Is Russia's bet on coal reasonable?

Is Russia's bet on coal reasonable? Photo: bocux

Russia is intensifying its coal production, but a global market forecast is rather gloomy, considers Global Risk Insights. Although now coal prices are quite high, China and India are decreasing their coal consumption, and the domestic demand is flat with no signs of future growth.

According to the national energy strategy of 2012, the Russian coal production is supposed to reach Soviet levels by 2030. And it has been growing since 2010 despite the economic hardship of the last two years. This year's production is projected at 390 million tonnes, which is 4.3% higher than in 2015. For comparison, Russia produced 323.4 million tonnes of coal in 2010.

Meanwhile, coal consumption trends in China, India and Asia are mainly negative. Both thermal and coking coal prices are quite high at the moment, but this is a temporary spike due to underproduction in China, which normally produces and consumes over half the world's coal. The country's economy began shifting towards service sectors, so the energy consumption started decreasing. Ten Chinese provinces already have coal production caps. Besides, China started to enact emission reduction policies. From January to May, its thermal power generation (coal) was down 3.6%, hydropower was up 16.7%, and zero-emission sources increased 20.3%. As a result, China's demand for coal in September 2016 was down 20% from a year earlier.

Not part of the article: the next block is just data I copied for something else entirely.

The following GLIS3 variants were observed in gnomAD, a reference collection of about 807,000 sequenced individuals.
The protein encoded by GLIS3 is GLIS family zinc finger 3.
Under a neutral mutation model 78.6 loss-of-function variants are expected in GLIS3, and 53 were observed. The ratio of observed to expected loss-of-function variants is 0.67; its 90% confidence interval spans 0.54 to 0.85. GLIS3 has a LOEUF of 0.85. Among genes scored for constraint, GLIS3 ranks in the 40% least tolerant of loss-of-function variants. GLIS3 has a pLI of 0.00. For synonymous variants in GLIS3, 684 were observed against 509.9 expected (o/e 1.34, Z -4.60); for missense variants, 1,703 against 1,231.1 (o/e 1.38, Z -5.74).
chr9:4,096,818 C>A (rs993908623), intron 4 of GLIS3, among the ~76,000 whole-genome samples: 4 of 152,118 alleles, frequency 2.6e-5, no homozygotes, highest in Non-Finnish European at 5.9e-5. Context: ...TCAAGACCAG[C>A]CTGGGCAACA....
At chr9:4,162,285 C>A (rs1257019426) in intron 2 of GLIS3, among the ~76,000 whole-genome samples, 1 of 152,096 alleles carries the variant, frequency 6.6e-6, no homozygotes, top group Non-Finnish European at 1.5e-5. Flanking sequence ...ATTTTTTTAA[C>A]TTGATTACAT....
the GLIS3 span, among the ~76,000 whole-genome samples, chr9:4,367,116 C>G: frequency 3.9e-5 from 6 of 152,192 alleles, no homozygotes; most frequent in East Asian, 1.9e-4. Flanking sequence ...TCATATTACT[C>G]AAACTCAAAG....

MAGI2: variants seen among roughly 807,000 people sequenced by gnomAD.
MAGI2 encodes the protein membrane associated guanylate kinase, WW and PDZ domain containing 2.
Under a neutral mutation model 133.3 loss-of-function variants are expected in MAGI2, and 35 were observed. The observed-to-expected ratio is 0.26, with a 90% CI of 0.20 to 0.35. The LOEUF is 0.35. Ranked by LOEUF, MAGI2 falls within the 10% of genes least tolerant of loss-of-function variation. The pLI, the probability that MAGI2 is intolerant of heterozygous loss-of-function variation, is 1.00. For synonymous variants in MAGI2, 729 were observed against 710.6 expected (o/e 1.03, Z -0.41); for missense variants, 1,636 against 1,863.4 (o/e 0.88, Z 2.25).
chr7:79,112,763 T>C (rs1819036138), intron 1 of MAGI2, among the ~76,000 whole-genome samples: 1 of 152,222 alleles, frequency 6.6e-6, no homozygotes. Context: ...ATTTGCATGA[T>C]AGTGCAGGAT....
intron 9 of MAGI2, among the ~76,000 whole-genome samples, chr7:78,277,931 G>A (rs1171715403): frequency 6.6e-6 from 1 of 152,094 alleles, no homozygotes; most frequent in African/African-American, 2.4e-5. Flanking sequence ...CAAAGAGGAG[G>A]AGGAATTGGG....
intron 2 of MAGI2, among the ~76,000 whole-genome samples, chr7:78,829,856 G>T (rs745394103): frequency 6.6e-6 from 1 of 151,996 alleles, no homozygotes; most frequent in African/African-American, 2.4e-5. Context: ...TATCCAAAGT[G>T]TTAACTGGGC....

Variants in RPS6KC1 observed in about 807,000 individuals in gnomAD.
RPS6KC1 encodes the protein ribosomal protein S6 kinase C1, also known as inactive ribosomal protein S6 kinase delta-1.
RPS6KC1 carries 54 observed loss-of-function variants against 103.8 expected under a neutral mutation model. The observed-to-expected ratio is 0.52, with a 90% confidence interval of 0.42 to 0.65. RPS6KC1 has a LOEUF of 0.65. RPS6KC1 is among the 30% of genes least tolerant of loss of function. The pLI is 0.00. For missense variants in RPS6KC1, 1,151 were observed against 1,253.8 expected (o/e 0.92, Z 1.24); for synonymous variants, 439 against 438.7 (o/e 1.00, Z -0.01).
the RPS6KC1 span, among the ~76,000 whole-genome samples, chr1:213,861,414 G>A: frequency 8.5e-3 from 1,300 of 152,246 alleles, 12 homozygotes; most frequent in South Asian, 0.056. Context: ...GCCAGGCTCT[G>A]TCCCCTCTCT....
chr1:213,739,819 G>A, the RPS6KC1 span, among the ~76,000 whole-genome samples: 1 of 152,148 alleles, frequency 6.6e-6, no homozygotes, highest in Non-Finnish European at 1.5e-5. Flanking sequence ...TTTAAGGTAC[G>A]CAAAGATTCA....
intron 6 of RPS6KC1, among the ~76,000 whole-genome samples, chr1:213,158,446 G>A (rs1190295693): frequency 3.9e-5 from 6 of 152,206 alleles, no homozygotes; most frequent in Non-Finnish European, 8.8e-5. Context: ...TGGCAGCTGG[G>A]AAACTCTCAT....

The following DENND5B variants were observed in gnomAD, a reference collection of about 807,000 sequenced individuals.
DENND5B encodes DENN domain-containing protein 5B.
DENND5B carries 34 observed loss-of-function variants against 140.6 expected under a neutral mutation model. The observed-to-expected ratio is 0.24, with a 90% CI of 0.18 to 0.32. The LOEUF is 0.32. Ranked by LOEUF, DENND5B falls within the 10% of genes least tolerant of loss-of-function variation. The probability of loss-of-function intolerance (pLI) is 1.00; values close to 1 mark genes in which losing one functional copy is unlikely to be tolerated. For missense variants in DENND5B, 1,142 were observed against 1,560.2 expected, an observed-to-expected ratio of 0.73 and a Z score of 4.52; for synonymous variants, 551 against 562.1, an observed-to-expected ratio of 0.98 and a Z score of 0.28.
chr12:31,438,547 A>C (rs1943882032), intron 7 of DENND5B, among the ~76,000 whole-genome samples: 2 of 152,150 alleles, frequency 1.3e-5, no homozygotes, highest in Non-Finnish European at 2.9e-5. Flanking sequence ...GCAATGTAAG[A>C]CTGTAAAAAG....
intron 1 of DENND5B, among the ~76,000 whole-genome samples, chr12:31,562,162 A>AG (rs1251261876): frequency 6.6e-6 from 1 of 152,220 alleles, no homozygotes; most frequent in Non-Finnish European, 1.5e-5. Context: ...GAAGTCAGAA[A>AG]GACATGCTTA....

Speaking of India, the world's third largest energy consumer is seeking to replace foreign thermal coal with domestic production. This year, the country's largest coal mining company Coal India has boosted production significantly. However, power demand increased 4-5% instead of the projected 7-8%. Thus, overproduction created dangerous stockpiles of inflammable coal lying around. Decreasing its coal consumption like China, India is also starting to use energy more efficiently. The power ministry plans to reduce peak load for electricity by 30 gigawatts in the next three years.

Prime Minister Dmitry Medvedev visits Kedrovka Opencast Coal Mine, Kemerovo Oblast. Photo: kremlin.ru

Another item of the energy strategy was to increase coal power generation to free up natural gas for export. But, in fact, only 2.9 gigawatts of new coal power generation capacity were launched between 2010 and 2016. Two-thirds of Russia is gasified now, and gasifying Eastern Siberia and the Far East remains a national priority. As for the domestic coal consumption, it has been flat except for a temporary surge because of lower water levels in Siberia last year, which reduced the availability of hydropower. Russian manufacturing has contracted or stayed stable since 2014, but it is likely to improve next year. Much of current production is linked with the government spending on military modernisation programme or state-owned enterprises.

Russian coal producers have to deal with huge logistical expenses as about 95% of the country's production capacities lie north of the Arctic Circle, north-west of Kazakhstan in Siberia or in remote areas of the Far East. The Kuzbass, Russia's main coal basin, lies 5,500 kilometres from the country's ice-free ports on the Pacific.

Price volatility is a real threat for Russian coal producers, and there are no signs of future growth of both the domestic and international demand. The current market conditions will likely lead to mine closures, layoffs and company consolidations in the long run.

By Anna Litvina